How To Prevent Your Family From Contesting Your Final Wishes

Updated on November 22, 2022
How To Prevent Your Family From Contesting Your Final Wishes

The person you name in your will as your estate manager will begin the probate process of verifying your will after your passing. During this process, beneficiaries can contest the terms of your will, which can lead to them overturning your will, and your loved ones may not act out your wishes in the way you thought. While the laws vary by state, and there’s no way to guarantee no contest, there are ways to help prevent your family from contesting your final wishes.

Execute Your Will Early and Properly

When writing your will, it’s important to do so long before any illnesses or injuries fall upon you. This is so that it’s easier to prove that you were in the right state of mind and had all your mental faculties when you wrote the will.

As you may already know, the process of writing a will and ensuring its validity is a complex one, meaning doing it yourself can leave your wishes open to contest. One of the benefits of hiring an estate planning attorney is that they can help you form as airtight of a will as possible to avoid future contests. They have the knowledge to ensure everything goes as smoothly as it possibly can, and again, while there isn’t a way to guarantee no contest, they can give you better peace of mind.

Keep Your Will Updated and Talk With Your Family

You should read and review your will every three to five years or after any major life event that occurs in the family, such as divorce, marriage, death, or birth. Changes in the law can also occur, such as changes in tax law, which require you to rearrange certain details.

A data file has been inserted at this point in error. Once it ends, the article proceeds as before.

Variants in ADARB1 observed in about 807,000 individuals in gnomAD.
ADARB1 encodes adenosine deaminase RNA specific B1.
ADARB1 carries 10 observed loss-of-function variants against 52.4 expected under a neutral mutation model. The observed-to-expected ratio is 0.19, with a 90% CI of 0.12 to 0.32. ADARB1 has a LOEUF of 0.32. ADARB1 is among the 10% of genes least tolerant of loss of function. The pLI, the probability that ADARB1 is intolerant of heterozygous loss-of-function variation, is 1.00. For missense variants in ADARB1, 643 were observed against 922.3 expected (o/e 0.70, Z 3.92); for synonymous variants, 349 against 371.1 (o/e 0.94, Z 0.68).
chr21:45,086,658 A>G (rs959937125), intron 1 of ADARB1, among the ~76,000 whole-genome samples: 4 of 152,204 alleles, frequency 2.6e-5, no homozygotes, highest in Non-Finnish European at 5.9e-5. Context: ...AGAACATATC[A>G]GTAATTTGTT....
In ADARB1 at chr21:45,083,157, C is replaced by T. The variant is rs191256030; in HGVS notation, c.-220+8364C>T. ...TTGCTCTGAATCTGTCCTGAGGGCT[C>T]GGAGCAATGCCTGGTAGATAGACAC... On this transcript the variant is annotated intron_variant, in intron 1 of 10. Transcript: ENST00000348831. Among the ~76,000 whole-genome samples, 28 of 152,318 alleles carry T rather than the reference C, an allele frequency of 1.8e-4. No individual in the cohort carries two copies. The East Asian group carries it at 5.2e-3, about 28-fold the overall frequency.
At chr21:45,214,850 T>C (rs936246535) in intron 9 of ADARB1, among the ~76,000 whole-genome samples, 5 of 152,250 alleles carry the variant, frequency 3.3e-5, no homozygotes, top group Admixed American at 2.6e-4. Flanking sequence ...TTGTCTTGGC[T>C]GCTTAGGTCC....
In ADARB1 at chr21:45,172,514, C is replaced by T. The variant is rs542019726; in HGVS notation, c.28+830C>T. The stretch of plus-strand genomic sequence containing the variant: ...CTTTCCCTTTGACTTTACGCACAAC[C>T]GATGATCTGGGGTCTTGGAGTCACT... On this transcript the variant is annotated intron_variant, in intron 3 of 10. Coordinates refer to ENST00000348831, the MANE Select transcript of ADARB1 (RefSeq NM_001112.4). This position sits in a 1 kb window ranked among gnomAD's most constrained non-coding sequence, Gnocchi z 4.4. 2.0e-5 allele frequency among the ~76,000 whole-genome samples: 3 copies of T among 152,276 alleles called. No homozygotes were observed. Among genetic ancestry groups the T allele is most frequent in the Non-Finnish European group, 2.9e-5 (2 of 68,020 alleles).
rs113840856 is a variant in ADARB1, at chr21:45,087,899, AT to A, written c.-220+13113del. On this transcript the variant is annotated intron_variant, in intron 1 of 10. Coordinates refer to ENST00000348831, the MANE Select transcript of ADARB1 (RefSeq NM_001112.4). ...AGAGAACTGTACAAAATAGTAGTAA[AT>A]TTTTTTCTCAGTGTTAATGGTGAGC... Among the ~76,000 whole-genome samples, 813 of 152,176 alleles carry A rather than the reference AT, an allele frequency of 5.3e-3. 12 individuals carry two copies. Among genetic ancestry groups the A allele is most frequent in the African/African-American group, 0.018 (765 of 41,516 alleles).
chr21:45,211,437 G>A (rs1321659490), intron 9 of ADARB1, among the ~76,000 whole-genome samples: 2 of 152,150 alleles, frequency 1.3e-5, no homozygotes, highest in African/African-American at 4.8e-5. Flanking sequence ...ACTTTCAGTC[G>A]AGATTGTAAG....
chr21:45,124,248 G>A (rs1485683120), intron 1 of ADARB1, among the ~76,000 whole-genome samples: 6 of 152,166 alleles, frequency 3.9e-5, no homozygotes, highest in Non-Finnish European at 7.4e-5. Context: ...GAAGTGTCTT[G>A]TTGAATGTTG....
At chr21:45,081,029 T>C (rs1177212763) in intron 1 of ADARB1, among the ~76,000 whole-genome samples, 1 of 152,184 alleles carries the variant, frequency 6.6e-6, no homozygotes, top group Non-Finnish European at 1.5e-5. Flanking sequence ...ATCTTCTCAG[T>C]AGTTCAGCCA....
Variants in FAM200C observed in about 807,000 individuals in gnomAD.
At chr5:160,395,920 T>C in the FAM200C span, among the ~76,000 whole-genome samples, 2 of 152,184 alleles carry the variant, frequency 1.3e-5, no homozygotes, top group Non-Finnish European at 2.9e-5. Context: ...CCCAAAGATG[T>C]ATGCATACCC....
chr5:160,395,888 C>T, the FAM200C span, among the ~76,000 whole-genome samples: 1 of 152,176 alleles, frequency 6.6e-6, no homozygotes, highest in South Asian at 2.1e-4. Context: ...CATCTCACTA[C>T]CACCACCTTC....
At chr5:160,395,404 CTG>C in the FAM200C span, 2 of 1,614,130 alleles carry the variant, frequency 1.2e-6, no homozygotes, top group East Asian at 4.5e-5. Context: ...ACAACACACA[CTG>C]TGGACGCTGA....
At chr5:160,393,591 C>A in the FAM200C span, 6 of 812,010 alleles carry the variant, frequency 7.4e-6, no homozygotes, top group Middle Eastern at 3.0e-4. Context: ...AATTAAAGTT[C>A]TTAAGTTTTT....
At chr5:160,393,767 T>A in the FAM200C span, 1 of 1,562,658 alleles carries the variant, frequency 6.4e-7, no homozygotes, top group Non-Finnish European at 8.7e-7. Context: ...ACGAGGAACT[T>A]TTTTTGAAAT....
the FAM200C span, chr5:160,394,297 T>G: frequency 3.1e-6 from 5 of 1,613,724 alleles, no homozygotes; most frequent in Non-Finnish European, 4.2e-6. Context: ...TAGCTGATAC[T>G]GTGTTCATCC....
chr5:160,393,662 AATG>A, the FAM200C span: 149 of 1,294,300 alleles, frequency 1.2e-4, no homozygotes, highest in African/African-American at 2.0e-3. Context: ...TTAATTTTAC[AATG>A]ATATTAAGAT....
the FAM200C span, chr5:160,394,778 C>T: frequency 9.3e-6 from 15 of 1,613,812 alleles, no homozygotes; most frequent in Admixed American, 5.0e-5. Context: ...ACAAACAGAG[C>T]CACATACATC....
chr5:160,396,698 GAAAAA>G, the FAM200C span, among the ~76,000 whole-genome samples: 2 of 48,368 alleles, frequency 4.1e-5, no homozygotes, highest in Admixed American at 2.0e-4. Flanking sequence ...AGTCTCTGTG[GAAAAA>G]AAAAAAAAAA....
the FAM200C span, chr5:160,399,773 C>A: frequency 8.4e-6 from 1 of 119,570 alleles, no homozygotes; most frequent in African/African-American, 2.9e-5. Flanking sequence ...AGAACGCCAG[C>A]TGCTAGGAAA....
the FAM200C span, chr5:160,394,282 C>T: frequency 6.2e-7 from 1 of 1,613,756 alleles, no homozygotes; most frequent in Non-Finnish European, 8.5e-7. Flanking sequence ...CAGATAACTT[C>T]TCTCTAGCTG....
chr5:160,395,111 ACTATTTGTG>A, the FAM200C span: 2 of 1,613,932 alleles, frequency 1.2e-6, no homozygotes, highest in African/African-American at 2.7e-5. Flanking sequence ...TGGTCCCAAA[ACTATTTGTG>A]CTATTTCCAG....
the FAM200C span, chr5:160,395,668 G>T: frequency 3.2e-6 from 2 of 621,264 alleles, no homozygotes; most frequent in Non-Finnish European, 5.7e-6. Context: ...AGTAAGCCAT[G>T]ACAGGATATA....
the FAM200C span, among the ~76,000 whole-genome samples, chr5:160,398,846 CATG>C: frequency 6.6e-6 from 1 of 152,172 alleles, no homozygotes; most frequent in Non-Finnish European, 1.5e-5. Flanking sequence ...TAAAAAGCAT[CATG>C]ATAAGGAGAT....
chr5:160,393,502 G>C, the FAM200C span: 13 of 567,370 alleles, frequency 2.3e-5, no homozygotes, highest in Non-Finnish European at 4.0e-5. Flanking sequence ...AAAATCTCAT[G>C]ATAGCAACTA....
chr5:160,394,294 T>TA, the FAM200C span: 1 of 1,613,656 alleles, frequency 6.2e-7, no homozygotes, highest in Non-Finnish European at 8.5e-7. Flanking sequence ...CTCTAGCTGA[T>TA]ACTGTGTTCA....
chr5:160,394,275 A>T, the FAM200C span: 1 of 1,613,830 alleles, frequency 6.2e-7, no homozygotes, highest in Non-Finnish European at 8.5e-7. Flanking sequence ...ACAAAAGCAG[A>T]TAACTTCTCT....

While you don’t need to inform your family of every update and detail, it helps to keep them informed. Letting beneficiaries know about your wishes and intentions can help ensure that your will is enacted the way you intended it to be.

Include a Self-Proving Clause or No-Contest Clause

A self-proving clause, also known as a self-proving affidavit, is simple to include. It’s a one-page form that has your name and the names of your witnesses. When signed by you and your witnesses, it confirms that the will is legal and valid, making it harder to contest.

You can also include a no-contest clause, which states that if any of the beneficiaries contest the contents of your will, they revoke the right to receive anything from your estate. While this is a great tactic for deterring litigation, it doesn’t leave any room to resolve any errors that may genuinely arise.

Form a Revocable Living Trust

If you so choose, you can avoid having a will altogether, and in truth, it’s one of the best ways to prevent your family from contesting your final wishes. A revocable living trust allows you to place your assets into a trust, and while the trust technically owns the funds, you can still spend your money as you please. After your passing, the trust will disperse your assets according to what you stated in the trust’s terms. This way, your assets won’t go through the probate process and can’t be challenged, mitigating arguments and preventing familial rifts.